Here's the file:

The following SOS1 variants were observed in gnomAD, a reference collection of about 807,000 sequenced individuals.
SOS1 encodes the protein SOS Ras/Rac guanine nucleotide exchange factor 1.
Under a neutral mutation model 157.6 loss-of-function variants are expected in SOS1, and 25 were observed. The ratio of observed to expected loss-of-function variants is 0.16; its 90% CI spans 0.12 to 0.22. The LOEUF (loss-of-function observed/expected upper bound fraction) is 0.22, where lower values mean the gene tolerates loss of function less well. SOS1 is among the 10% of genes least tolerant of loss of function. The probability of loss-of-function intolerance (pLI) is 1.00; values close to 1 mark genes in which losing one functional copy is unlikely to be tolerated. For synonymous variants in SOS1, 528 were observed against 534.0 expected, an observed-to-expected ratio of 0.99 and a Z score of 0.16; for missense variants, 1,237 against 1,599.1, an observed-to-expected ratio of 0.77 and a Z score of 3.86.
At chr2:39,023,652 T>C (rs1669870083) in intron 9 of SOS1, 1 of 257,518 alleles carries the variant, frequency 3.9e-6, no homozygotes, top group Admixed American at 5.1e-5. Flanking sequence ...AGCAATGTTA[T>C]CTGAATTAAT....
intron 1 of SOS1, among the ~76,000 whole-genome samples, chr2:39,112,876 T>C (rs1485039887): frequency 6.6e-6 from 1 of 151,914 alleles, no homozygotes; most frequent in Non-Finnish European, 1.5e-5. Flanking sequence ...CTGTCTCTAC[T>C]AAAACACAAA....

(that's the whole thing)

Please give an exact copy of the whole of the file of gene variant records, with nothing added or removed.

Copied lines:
The following SOS1 variants were observed in gnomAD, a reference collection of about 807,000 sequenced individuals.
SOS1 encodes the protein SOS Ras/Rac guanine nucleotide exchange factor 1.
Under a neutral mutation model 157.6 loss-of-function variants are expected in SOS1, and 25 were observed. The ratio of observed to expected loss-of-function variants is 0.16; its 90% CI spans 0.12 to 0.22. The LOEUF (loss-of-function observed/expected upper bound fraction) is 0.22, where lower values mean the gene tolerates loss of function less well. SOS1 is among the 10% of genes least tolerant of loss of function. The probability of loss-of-function intolerance (pLI) is 1.00; values close to 1 mark genes in which losing one functional copy is unlikely to be tolerated. For synonymous variants in SOS1, 528 were observed against 534.0 expected, an observed-to-expected ratio of 0.99 and a Z score of 0.16; for missense variants, 1,237 against 1,599.1, an observed-to-expected ratio of 0.77 and a Z score of 3.86.
At chr2:39,023,652 T>C (rs1669870083) in intron 9 of SOS1, 1 of 257,518 alleles carries the variant, frequency 3.9e-6, no homozygotes, top group Admixed American at 5.1e-5. Flanking sequence ...AGCAATGTTA[T>C]CTGAATTAAT....
intron 1 of SOS1, among the ~76,000 whole-genome samples, chr2:39,112,876 T>C (rs1485039887): frequency 6.6e-6 from 1 of 151,914 alleles, no homozygotes; most frequent in Non-Finnish European, 1.5e-5. Flanking sequence ...CTGTCTCTAC[T>C]AAAACACAAA....